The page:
“Proofreading computer code is just as hard as proofreading English … people are lousy at it, and even good proofreaders will let things get by,” he said. “… Auditing that code is pretty much hopeless.”

But Jones believes that heeding the calls to “vote Amish” and return to hand-counting every paper ballot are based on a romanticized idea of how hand-counting actually works, especially in larger jurisdictions. Hand-counting is inherently rife with clerical errors. And beginning around 1875, reformers began to see mechanical vote-counting machines as a solution to “the chicanery that was taking place,” he said.

“In many jurisdictions, as many as 10 to 40% of all ballots were rejected in the hand count, based on technicalities,” Jones said. “Where dirty politics was deeply embedded, the name of the game wasn’t to get the most votes but to reject as many votes as possible in order to support your side.”

Examples included the “short pencil technique," in which partisan ballot counters would hide pencil lead under their fingernails, making marks to disqualify ballots cast for the opposite party.

Jones' solution, then? Regularly audit the elections as a double-check that the machines are working — essentially the system Montana currently has.

“The machines don’t make clerical errors, but at the same time, the machines are vulnerable,” he said. “The two together are much stronger than either alone.”

‘A lot of razzle-dazzle’

Cook found a mostly sympathetic crowd for his message in Hamilton, where many of his lines drew enthusiastic applause. Sen. Theresa Manzella, who previously indicated she was helping to organize Cook's trip to Montana, has submitted a request for a bill draft that would eliminate the use of tabulators in the state, along with 22 other election-related bills. She left Monday's meeting early and did not respond to a follow-up request for comment.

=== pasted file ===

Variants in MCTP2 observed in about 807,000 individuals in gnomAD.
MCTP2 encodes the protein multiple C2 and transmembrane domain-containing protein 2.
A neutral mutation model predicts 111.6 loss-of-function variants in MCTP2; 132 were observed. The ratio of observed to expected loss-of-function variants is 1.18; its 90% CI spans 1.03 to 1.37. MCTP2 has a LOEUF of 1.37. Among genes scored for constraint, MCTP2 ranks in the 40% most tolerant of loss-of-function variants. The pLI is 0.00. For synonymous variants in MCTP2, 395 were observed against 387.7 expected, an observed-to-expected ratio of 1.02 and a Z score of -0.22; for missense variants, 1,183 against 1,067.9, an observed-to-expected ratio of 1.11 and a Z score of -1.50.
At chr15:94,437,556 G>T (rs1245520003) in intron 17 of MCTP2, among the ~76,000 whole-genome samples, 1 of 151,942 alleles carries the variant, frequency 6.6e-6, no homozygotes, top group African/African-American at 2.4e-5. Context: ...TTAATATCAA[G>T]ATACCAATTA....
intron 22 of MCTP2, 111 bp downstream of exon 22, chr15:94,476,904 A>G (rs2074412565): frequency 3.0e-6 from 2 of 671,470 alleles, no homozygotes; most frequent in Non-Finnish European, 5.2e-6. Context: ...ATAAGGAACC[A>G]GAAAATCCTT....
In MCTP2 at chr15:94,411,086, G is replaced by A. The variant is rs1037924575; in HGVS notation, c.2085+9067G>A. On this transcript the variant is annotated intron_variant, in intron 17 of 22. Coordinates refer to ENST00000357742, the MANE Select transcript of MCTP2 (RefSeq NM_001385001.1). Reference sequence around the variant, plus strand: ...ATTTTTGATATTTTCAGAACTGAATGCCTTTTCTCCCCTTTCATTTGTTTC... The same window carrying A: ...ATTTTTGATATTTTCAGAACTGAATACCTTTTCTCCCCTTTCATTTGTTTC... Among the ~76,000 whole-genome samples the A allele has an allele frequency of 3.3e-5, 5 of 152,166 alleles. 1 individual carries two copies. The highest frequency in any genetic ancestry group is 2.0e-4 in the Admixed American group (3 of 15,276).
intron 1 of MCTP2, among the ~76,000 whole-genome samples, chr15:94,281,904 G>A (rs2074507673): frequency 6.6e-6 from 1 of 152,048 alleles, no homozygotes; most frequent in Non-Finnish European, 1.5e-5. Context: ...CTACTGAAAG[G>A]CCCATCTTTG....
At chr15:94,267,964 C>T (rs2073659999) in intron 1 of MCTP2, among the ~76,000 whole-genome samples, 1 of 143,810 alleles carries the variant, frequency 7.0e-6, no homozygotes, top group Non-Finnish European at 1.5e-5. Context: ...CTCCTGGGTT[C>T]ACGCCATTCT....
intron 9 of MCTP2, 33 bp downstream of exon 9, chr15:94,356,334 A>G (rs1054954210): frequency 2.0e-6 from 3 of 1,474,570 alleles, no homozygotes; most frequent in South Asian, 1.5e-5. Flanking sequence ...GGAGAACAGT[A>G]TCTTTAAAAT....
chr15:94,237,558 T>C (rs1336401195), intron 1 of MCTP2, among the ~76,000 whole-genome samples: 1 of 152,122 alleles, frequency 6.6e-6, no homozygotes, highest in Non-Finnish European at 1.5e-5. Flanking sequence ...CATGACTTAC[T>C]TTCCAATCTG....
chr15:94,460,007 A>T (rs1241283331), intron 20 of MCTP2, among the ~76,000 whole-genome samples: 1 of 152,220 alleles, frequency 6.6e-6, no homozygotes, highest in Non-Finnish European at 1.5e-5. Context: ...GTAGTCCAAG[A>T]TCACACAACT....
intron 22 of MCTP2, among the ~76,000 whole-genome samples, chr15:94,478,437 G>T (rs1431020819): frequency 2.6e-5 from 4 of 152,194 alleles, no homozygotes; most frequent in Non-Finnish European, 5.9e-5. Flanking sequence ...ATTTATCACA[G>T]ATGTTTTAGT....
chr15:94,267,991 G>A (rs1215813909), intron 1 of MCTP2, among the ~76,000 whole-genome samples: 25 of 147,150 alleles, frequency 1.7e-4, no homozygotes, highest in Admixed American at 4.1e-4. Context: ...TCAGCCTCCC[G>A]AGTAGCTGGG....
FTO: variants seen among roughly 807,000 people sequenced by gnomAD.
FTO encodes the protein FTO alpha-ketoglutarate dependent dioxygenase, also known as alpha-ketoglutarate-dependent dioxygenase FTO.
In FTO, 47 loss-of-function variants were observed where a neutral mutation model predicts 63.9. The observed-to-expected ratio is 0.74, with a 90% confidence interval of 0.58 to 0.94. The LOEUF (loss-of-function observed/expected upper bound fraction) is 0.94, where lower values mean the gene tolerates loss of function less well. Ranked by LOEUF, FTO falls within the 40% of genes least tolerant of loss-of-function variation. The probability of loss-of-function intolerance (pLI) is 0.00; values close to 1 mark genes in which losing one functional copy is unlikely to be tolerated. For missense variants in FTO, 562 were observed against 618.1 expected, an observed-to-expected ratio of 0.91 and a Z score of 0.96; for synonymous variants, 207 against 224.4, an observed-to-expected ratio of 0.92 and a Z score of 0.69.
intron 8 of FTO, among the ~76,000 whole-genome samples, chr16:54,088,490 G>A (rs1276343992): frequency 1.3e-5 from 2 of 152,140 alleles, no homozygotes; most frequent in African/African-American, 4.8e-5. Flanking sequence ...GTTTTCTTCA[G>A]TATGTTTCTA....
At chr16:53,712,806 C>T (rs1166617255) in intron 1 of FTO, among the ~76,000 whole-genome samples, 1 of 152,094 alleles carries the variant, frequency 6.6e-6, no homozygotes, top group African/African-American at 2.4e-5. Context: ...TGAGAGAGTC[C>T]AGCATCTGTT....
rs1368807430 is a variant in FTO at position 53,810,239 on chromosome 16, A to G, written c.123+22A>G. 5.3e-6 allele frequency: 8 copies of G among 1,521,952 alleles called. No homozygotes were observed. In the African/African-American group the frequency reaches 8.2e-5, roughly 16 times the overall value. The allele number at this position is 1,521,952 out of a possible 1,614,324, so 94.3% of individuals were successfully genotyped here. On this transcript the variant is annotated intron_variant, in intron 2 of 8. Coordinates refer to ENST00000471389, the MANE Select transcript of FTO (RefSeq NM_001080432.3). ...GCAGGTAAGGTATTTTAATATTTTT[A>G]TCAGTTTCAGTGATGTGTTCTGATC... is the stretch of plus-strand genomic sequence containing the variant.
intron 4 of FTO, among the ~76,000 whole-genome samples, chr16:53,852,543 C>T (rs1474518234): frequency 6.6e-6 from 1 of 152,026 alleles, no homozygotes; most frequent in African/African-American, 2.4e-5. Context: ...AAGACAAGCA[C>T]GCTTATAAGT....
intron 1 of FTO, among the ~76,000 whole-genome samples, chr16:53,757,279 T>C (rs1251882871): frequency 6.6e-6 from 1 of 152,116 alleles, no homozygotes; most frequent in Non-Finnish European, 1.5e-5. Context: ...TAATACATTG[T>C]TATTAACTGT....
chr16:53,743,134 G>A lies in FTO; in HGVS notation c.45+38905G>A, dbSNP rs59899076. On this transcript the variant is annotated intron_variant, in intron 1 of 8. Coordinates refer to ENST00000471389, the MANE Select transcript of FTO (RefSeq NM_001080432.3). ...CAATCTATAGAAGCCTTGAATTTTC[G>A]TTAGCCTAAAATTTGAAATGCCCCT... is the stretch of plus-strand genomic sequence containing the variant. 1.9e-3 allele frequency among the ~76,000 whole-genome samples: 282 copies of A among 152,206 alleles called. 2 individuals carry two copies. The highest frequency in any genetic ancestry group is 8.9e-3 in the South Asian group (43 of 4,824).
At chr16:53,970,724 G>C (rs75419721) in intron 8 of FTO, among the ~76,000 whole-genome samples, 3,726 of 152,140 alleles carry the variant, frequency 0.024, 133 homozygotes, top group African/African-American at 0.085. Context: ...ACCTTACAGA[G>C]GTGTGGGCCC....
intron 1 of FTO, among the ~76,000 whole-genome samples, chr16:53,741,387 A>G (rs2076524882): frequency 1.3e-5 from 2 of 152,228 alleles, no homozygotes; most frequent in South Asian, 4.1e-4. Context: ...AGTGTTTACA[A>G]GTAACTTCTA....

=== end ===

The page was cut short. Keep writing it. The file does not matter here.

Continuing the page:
“Our citizens are telling us that they do not trust our system,” she told the commissioners. “It is imperative that we address this and create a system that the citizens can trust.”

But seated alongside the commissioners, Ravalli County Clerk and Recorder Regina Plettenberg pushed back on some of Cook’s assertions.

Cook repeatedly painted Montana’s post-election audit system as insufficient to ensure there’s no manipulation — which even he acknowledged is a statistically challenging case to make. The vast majority of Montana's 56 counties use automatic tabulators, and each of those since 2009 has been required to audit three randomly chosen races in a selection of randomly chosen precincts via a hand count. The audits take place each federal election, an average of one per year, in all but about a dozen counties. Recounts of close or contested races are also done by hand.

In a back-and-forth with Plettenberg, Cook suggested that perhaps a bad actor could somehow inject themselves into the randomization process used to select which precincts to audit, and only manipulate the other races and precincts. (It’s done with 10-sided dice that are rolled by state officials in a public process)